Error Analysis: Activity 3


One way to predict transfer is to do a contrastive analysis of the native language and the target language; we predict that errors may occur wherever the two systems differ. We begin by contrasting Persian and English phonology to identify possible areas of learner difficulty:

Look at the Persian consonant table below:

Labial Alveolar Post-alveolar Palatal Velar Uvular Glottal
Nasal m n ŋ
Plosive p  b t   d k   ɡ ɢ [ʔ]
Affricate tʃ      dʒ
Fricative f   v s   z ʃ         ʒ x    ɣ h
Tap ɾ
Trill r
Approximant l j

How do the Persian and English consonant systems differ? One difference is that Persian has a "gh" sound (a voiced fricative / ɣ /) that does not occur in English. We might expect American learners to have trouble with this Persian consonant, substituting the /k/


  1. Look at the video from Pari’s Retell task. Listen to her pronunciation of / ɣ /.

  2. Transcript (click to open):

  3. In the table below, write 7 or 8 words in which she has problem pronouncing this sound. Did the contrastive analysis cause you to predict this error? Could it be transfer from English (see the Interlanguage activity 1)?

  4. Line Pari
    Words w/phonological error: / ɣ /

    Discuss your findings in the box below.

When you have finished typing your answer, click to compare your response with the Learner Language staff response.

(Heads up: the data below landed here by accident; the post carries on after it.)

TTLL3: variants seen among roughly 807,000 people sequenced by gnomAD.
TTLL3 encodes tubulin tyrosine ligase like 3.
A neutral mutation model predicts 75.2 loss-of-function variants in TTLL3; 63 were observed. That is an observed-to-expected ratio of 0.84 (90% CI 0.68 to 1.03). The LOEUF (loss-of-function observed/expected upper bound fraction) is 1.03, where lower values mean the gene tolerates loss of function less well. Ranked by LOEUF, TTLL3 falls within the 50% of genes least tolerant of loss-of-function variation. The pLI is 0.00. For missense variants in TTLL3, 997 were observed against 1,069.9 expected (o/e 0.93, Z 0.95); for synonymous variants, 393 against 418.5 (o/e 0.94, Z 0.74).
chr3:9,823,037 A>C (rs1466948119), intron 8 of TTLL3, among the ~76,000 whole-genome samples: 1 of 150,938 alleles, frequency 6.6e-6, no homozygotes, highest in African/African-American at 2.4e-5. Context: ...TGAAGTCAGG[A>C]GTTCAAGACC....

Line Pari
Words w/phonological error: / ɣ /
1     væ/k/ti keh
2     ota/k/
9     tæ/k/sir
10     tæ/k/sir
12/13/16     tæ/k/sir
20     væ/k/ti keh
24     væ/k/ti

One of the distinctive variations in Persian consonants is that of "gh". This sound is a voiced fricative, but in its initial and final position it is partially or fully devoiced (Haghshenas, 1998).

Pari replaces "gh"  / ɣ / in the words above with /k/ or /x/.  This happens one time with the word “otagh”, 3 times with “væghti” and 7 times with “tæghsir”. Pari has a problem pronouncing this consonant when it comes after a vowel and is followed by a consonant (mainly voiceless alveolars like /t/ and /s/, we think) or when it occurs at the end of the word. The use of English consonant /k/ instead of Persian / ɣ/ can be attributed to native language transfer since there is no such sound in English and the variation mentioned above holds true with English speakers.


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